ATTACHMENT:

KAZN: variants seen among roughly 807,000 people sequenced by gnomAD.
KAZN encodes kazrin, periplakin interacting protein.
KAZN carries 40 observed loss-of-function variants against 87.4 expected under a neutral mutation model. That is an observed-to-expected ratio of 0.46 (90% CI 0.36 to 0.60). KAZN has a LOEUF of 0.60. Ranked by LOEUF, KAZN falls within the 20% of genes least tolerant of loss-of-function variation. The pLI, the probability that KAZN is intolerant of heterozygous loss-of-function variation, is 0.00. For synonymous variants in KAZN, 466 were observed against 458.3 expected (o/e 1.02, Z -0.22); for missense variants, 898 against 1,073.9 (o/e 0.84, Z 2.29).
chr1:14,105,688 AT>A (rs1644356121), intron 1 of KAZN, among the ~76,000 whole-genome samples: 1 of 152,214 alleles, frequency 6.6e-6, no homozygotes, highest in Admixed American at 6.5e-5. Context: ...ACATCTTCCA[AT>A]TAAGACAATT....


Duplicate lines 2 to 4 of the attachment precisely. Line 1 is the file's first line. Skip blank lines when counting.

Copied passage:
KAZN encodes kazrin, periplakin interacting protein.
KAZN carries 40 observed loss-of-function variants against 87.4 expected under a neutral mutation model. That is an observed-to-expected ratio of 0.46 (90% CI 0.36 to 0.60). KAZN has a LOEUF of 0.60. Ranked by LOEUF, KAZN falls within the 20% of genes least tolerant of loss-of-function variation. The pLI, the probability that KAZN is intolerant of heterozygous loss-of-function variation, is 0.00. For synonymous variants in KAZN, 466 were observed against 458.3 expected (o/e 1.02, Z -0.22); for missense variants, 898 against 1,073.9 (o/e 0.84, Z 2.29).
chr1:14,105,688 AT>A (rs1644356121), intron 1 of KAZN, among the ~76,000 whole-genome samples: 1 of 152,214 alleles, frequency 6.6e-6, no homozygotes, highest in Admixed American at 6.5e-5. Context: ...ACATCTTCCA[AT>A]TAAGACAATT....